1. Skip to navigation
  2. Skip to content
  3. Skip to sidebar

Employee with “Anger Management Issues” was not Disabled

Print Friendly

A police officer who “suffered from bad temper and anger management problems” but said he was able to perform his job duties, was not disabled under the Ontario Human Rights Code, an Ontario court has decided.

Because the employee had failed a “use of force test”, he was required to surrender his weapon.  His “temper erupted”.  Four police officers were called to a domestic incident later that day at his home.  He assaulted all four officers and threatened to kill two of them.  He was subdued with a taser.  He had abused alcohol and disclosed a twelve-year history of binge drinking.  A psychologist stated that the employee had work-induced post-traumatic stress disorder.

The court stated that is was “not aware of any jurisprudence which established that anger management issues will support a finding of disability.”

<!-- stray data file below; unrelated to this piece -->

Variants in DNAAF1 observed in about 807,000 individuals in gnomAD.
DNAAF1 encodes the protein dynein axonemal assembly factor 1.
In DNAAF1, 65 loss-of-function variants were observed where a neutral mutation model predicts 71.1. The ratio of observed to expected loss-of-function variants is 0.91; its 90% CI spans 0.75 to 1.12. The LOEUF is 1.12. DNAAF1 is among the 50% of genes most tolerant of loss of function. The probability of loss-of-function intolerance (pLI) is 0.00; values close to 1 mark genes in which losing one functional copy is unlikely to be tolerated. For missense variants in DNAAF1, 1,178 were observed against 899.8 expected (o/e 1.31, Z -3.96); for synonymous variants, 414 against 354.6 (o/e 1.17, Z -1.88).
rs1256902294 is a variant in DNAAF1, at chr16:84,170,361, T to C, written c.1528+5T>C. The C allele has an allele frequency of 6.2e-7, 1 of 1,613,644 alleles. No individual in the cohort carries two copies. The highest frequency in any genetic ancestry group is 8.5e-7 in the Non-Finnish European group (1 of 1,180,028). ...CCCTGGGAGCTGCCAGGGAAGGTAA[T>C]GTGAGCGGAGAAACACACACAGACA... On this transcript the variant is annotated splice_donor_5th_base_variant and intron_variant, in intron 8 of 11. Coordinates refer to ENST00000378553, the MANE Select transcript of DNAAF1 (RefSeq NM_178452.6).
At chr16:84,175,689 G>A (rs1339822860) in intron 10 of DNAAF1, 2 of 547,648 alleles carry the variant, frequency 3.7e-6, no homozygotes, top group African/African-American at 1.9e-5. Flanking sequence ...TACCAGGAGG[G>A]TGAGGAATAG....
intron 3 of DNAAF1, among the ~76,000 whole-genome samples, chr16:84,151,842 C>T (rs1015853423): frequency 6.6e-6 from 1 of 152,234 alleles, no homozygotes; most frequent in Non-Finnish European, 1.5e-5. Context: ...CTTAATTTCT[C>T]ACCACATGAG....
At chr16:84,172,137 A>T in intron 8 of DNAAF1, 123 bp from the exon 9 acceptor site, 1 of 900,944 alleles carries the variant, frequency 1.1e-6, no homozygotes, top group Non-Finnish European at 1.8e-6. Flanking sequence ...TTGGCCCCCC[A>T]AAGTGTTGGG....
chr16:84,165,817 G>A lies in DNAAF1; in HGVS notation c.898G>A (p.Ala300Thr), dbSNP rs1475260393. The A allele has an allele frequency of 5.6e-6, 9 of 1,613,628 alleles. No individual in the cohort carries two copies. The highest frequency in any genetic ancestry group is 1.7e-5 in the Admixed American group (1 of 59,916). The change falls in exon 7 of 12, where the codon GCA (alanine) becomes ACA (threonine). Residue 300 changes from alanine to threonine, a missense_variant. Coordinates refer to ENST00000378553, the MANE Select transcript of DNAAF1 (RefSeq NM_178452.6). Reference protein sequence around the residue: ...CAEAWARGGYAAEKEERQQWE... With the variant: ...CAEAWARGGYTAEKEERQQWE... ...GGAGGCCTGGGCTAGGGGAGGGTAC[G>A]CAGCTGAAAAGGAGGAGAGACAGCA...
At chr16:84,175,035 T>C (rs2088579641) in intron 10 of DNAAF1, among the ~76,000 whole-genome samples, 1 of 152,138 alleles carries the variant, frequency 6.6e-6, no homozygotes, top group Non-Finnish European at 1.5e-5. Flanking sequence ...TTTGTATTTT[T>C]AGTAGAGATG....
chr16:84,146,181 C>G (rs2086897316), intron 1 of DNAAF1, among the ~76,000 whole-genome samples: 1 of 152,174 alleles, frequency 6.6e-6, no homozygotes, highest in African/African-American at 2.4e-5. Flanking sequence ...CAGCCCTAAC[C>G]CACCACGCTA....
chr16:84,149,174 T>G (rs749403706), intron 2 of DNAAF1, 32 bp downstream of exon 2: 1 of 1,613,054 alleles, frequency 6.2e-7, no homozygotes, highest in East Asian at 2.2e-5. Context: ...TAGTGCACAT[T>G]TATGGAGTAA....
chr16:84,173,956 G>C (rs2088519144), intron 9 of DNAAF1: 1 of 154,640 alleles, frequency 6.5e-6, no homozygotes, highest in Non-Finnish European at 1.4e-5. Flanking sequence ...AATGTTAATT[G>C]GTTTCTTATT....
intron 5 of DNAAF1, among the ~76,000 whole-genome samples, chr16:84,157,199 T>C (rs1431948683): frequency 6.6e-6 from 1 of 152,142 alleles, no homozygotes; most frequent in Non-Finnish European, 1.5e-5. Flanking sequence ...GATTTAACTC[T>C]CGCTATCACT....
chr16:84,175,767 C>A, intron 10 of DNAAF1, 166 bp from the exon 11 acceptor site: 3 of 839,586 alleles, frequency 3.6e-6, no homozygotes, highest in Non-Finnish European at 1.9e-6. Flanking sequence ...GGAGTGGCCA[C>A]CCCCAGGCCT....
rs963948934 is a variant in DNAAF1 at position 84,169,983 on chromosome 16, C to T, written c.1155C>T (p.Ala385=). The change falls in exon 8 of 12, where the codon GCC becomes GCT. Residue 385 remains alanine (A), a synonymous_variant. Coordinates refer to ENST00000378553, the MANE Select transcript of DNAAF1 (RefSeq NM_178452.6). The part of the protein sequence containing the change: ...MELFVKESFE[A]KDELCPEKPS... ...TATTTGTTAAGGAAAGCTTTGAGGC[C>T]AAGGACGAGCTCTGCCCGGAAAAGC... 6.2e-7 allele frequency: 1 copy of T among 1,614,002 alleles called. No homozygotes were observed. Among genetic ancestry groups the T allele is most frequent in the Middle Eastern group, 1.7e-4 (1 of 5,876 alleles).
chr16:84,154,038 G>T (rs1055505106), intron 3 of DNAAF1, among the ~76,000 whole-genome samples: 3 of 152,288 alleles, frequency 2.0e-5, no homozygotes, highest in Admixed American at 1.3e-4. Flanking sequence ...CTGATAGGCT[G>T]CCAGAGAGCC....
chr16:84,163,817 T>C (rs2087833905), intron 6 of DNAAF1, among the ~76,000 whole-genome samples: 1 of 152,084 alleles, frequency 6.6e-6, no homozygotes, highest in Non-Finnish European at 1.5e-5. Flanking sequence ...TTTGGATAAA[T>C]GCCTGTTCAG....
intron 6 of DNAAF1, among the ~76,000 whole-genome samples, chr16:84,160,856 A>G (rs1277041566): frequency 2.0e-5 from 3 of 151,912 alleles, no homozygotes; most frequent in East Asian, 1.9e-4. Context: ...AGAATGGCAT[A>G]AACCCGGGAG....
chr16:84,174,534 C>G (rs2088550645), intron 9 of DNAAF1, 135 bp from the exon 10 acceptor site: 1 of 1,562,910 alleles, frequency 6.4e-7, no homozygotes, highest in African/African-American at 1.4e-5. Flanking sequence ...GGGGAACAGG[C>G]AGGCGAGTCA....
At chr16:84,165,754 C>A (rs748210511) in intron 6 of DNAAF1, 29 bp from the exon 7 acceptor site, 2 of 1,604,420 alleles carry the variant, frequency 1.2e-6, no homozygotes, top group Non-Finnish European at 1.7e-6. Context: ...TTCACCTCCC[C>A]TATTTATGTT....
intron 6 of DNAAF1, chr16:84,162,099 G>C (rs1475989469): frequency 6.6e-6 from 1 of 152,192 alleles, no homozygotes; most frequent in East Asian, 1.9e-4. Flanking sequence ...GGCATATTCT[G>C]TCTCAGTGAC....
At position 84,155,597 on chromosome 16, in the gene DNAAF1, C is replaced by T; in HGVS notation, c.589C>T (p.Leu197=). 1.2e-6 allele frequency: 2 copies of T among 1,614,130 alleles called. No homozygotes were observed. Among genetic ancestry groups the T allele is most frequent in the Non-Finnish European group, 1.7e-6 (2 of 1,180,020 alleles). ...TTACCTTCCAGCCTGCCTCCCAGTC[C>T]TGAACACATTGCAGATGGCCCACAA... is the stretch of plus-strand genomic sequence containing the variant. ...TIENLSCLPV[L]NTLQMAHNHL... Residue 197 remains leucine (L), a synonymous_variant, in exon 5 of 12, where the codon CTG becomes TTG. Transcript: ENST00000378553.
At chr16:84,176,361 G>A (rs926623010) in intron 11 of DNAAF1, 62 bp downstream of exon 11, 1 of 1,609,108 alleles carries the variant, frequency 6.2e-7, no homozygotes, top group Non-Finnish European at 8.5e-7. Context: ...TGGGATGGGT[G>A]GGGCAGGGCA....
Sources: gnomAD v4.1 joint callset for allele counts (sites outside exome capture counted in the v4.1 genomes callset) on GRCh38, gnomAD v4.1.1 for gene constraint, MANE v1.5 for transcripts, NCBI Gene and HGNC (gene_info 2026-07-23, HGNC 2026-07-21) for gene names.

The court went on to say:

“Addiction arising from alcoholism and/or drug abuse or post traumatic stress disorder may amount to a disability within the meaning of the Code.  However, the onus on a person claiming a disability is to prove it. There was some evidence that the applicant was addicted to alcohol and some medically prescribed drugs. There was also some evidence that the applicant was suffering from post traumatic stress disorder.  However, there was no evidence that any of those conditions rendered him unable to perform any aspect of his job description.  Indeed, quite the opposite was claimed.  In submitting through his counsel that the appropriate penalty was simply a demotion, the applicant took the position that he was able to perform and carry out his essential employment duties.”

Because the employee was not disabled, the police service had no duty to accommodate him.

This case demonstrates that employees who request accommodation of a disability must prove the disability.  This employee, who claimed to be able to carry out his police duties, was not disabled and therefore was not entitled to accommodation under human rights legislation.

Gulick v. Ottawa Police Service, 2012 ONSC 5536 (CanLII)

,